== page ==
Lower taxes aiding UK tourism, says UHY

The UK is reportedly “doing more” to support its tourism industry than other European countries due to having lower taxes, according to a new study by UHY. 

The firm found that the average tourist in the UK pays only 7.8% in tax on a “typical daily spend”, compared to the European average of 11.3%. 

UHY said the lower tax rate is due to an emergency cut in VAT on restaurant meals in the UK, adding that the government could keep that low tax rate in place and consider other emergency reductions in taxes on tourism to “ensure that the UK tourism industry recovers swiftly once the lockdown is finally over”.

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The UK’s low taxes on tourism was ranked 21st in UHY’s study that covered 25 countries. The firm measured the tax paid on a number of everyday purchases by tourists, including a one night in a four-star hotel in a major tourist city, a meal for two in a restaurant and a bottle of wine. 

According to its study, the UK charges “significantly” lower taxes on tourist spending than other major economies in the region, such as France (11.6%) and Spain (10%). 

It also found that while the UK has been “quick to make significant tax cuts” to aid the tourism industry, 21 of 25 countries in the study are yet to make any cuts. 

The UK’s 5% VAT rate for the leisure and hospitality sector is set to expire and return to 20% at the end of March 2021, however.

Nonetheless, UHY said there was “significant scope” for central and local governments around the world to “stimulate demand” for tourist businesses by cutting taxes on consumption, alcohol duties and local taxes in tourist cities.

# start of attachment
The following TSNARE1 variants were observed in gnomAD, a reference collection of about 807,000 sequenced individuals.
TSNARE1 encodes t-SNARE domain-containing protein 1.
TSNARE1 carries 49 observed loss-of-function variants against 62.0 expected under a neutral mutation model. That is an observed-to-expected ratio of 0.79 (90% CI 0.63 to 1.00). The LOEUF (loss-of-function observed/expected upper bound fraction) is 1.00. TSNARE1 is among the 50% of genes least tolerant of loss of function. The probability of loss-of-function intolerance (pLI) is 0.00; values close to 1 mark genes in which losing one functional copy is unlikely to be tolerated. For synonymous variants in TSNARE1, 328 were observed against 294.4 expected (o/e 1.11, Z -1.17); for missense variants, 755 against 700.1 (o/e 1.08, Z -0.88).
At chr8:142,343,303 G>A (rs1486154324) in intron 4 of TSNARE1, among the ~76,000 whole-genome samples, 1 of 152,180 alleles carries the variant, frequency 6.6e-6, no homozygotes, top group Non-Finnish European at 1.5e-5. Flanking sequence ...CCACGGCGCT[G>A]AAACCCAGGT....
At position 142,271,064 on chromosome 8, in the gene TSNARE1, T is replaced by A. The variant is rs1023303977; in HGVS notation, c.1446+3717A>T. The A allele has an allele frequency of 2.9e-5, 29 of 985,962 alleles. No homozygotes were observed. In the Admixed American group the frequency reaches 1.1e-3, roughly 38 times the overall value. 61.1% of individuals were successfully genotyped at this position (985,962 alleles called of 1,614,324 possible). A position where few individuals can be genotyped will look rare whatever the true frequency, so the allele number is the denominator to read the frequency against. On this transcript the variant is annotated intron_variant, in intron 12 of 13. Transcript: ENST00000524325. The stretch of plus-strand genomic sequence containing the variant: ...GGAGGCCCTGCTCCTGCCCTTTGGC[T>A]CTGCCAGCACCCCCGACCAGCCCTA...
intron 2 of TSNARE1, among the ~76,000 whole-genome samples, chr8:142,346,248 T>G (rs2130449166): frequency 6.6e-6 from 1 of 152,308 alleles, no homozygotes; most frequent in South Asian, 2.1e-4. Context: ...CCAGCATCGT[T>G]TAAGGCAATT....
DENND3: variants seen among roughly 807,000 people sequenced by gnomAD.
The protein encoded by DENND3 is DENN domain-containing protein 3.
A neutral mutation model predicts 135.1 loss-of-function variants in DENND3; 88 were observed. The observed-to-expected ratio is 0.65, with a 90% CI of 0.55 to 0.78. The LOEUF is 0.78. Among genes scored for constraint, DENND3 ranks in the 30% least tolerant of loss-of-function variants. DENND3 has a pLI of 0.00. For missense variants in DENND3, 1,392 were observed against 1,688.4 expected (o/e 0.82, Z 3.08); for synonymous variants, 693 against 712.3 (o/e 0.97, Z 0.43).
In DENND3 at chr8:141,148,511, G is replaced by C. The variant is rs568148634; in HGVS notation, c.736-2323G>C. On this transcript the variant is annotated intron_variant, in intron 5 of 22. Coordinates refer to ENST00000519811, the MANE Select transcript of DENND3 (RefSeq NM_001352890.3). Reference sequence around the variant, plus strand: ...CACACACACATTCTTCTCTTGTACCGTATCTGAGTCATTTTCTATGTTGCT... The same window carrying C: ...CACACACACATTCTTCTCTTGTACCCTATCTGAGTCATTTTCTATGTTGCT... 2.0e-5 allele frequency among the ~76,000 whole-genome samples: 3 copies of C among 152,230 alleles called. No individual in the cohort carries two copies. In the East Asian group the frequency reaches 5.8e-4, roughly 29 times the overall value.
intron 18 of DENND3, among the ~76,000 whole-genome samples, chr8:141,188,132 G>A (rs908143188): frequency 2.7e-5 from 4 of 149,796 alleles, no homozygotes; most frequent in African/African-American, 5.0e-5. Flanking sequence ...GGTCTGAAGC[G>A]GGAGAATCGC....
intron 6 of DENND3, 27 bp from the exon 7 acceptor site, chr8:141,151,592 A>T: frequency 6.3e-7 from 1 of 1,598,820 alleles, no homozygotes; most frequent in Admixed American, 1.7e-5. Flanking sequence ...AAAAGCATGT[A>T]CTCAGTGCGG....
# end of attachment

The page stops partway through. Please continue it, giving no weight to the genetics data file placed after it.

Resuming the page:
Martin Jones, partner and head of hospitality and Brexit at UHY Hacker Young said: “The tourism industry has become an increasingly important part of the UK economy and it’s reassuring to see that the government has implemented tailored support to protect businesses during this turbulent period. 

“As the second wave of lockdowns across Europe ends, we will be approaching the key Easter and Summer periods for tourism. The UK could do more to help it through one of the most difficult periods it has ever faced.” 

He added: “The government should heavily consider extending the reduced VAT rate past March so that tourists coming to the UK after the second lockdown are able to benefit.”

“This is not only a national government issue – local and regional governments could also do more to help. Some cities levy specific taxes on hotel rooms and suspending those charges for a period would lift a little more of the burden from tourists and the hospitality industry.”

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